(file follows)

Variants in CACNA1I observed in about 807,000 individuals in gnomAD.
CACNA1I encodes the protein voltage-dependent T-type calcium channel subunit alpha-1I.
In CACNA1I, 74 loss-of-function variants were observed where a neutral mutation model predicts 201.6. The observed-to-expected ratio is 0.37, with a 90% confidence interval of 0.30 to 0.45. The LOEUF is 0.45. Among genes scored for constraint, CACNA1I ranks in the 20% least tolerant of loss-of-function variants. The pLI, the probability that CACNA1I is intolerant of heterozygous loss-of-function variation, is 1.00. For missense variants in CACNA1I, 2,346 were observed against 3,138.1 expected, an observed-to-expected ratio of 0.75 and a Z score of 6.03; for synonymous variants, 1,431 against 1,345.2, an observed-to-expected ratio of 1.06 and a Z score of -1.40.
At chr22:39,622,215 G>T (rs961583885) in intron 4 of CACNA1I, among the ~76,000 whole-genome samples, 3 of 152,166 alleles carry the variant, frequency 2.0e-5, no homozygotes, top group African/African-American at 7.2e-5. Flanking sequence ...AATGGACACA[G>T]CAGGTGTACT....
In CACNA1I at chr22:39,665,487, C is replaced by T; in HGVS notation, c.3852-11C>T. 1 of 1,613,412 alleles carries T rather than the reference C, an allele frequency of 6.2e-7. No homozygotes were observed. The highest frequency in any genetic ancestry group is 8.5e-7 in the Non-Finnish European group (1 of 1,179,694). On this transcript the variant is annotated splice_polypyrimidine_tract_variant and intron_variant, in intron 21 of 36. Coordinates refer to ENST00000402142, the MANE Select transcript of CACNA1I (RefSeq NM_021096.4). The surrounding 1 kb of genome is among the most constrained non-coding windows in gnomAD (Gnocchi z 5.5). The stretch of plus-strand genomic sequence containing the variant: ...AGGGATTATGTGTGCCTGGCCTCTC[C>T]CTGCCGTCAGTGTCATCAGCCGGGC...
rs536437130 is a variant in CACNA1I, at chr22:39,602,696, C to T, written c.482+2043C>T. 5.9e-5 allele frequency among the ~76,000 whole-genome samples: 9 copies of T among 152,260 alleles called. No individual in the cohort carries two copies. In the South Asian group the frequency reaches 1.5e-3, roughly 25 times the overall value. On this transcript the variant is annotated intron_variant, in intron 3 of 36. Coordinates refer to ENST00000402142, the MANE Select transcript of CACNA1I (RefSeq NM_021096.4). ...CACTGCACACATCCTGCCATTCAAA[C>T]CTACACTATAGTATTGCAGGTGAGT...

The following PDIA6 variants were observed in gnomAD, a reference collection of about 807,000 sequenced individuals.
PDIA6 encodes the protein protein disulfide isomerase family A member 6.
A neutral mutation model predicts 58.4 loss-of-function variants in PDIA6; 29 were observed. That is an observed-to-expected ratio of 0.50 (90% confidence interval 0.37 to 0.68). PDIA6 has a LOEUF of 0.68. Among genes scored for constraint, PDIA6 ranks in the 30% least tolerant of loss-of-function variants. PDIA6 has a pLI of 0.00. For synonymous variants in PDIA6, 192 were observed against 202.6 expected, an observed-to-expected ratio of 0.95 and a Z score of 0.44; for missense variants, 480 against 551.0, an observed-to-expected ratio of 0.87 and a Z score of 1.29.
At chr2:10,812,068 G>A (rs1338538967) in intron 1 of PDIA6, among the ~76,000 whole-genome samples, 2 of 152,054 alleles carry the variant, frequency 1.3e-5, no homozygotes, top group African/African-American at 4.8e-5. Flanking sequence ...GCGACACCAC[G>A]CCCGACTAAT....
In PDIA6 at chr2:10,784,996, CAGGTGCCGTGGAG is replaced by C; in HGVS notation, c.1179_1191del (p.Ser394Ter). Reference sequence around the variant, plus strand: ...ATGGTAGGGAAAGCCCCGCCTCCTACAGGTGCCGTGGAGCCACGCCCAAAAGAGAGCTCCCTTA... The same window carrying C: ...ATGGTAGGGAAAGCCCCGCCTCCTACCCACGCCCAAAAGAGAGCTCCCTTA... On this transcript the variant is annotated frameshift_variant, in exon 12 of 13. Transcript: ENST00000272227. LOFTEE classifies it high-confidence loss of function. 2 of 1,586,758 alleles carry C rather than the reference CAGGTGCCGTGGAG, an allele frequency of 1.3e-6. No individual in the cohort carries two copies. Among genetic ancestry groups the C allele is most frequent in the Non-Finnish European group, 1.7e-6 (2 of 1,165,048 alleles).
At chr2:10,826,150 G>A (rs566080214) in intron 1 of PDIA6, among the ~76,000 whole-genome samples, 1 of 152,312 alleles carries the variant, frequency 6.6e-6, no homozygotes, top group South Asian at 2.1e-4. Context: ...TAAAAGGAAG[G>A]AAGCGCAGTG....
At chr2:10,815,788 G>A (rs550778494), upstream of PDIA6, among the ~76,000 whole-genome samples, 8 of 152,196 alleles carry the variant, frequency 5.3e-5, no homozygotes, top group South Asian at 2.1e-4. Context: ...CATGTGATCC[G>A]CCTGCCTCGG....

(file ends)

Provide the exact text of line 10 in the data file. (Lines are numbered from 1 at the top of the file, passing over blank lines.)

At chr2:10,812,068 G>A (rs1338538967) in intron 1 of PDIA6, among the ~76,000 whole-genome samples, 2 of 152,054 alleles carry the variant, frequency 1.3e-5, no homozygotes, top group African/African-American at 4.8e-5. Flanking sequence ...GCGACACCAC[G>A]CCCGACTAAT....